However, a week ago I happened to notice that someone had uploaded the above picture of my 4th great grandmother Anna Gerken Kuck to their family tree. My first thought was 'excellent' because now I might potentially meet another Kuck relative. So I clicked the link which took me to their tree and my exuberance was soon dampened. The person who had uploaded my Anna Gerkan had attached her as being married to a Johann Gerken, not to my 4th great grandfather Hinrich Kuck. They had Anna's mother with a surname of Gerken and her father with a completely different surname. Much of that person's tree had numerous inconsistencies like that with absolutely no records to back any of it up. Obviously it was a person who was just attaching people to their tree with little thought put into it.

I can say that because I was such a person when I initially started my ancestry quest. However, after finding out I had several errors early on that research pointed out to me that totally changed entire large branches of my family tree, I rectified the situation by doing a severe pruning job. Gradually the branches have grown back out based upon research again and my family tree is far reaching once again.  Along the way, I have stumble across many family trees not so thoroughly based upon research and full of bad information. These trees get copied to other trees until bad information outweighs the good information and I have people writing me emails questions the accuracy of mine information until they see my research.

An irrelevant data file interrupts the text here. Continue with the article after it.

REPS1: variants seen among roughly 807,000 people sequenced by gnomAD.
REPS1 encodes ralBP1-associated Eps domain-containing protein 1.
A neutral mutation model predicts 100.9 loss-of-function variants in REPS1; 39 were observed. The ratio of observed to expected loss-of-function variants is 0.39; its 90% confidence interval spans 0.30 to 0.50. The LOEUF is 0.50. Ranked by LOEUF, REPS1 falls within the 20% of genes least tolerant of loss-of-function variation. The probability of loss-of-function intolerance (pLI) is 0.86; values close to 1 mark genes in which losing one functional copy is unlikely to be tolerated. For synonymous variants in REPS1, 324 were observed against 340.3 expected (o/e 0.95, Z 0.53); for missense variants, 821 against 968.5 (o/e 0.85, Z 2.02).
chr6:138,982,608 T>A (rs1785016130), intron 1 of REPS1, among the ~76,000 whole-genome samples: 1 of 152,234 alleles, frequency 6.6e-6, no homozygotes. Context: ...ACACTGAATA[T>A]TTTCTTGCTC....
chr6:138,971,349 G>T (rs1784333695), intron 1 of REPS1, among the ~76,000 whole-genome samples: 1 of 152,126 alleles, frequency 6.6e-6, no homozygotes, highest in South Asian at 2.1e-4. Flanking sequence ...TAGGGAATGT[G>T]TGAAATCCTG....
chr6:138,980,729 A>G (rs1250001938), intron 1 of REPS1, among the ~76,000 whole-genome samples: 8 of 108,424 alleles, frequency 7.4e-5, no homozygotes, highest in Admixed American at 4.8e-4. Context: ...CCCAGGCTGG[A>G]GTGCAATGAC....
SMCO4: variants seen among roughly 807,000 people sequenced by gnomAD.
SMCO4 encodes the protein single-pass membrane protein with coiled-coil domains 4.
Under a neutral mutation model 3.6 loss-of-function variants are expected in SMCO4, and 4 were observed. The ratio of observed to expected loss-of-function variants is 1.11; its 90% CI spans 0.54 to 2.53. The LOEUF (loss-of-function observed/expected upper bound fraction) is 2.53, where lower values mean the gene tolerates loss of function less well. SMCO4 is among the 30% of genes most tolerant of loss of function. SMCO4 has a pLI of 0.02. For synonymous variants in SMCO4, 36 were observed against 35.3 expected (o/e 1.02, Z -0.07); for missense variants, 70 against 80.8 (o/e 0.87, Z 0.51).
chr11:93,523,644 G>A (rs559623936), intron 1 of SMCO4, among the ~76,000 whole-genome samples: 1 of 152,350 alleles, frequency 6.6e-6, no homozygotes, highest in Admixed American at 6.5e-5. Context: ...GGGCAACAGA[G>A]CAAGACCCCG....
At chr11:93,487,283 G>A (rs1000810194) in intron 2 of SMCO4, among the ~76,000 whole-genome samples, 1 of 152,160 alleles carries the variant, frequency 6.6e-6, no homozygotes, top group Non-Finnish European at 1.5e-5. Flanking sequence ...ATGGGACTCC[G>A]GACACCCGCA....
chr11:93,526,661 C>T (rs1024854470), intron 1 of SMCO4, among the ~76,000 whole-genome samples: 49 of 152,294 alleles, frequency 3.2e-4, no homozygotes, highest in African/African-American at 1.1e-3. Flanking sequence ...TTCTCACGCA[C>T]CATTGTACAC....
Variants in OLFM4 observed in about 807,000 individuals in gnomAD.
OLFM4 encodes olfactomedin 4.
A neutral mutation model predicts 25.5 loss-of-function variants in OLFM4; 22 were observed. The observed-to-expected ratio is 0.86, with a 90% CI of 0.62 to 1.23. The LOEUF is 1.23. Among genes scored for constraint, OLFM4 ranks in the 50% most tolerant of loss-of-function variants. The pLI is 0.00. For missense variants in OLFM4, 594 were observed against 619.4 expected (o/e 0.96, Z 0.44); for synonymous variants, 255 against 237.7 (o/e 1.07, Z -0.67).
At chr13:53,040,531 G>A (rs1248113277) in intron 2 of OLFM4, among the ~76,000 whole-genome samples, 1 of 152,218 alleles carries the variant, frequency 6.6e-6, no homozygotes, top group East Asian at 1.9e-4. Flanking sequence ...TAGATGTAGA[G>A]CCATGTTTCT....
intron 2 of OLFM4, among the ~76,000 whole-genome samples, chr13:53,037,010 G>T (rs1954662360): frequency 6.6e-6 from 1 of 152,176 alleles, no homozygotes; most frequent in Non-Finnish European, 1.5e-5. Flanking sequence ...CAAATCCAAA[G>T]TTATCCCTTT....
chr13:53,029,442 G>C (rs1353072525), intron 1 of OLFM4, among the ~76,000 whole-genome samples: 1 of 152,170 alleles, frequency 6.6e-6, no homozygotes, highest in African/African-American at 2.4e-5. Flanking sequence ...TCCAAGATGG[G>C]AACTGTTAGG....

So I politely sent the person an email asking them to remove the picture from their family tree until such time they can show me proof that it belongs there. The next day the picture was gone and they have yet to respond to my email. I hope that nipped the bud before it had a chance to germinate into bad information added to a website full of similar bad information.

Monday, February 6, 2012

Discovering a Sister

I don't think I came right out and admitted it on my blog but I have mentioned it off hand a couple times since. It was a little over two years ago when I discovered that I had a half-sister in this world. After my parents divorced and my father gave up all parental rights to my step-father, he disappeared from my life never to be seen again until our chance run-in that I blogged about last fall. Since that time, I dug a little bit and learned that my father had remarried for a three year period back in the mid 80's and that marriage produced a daughter. Search as I might, I never could learn her name, her mother's name, when and where she came into this world. Basically way too many unknowns to ever make a reasonable case of establishing her identity.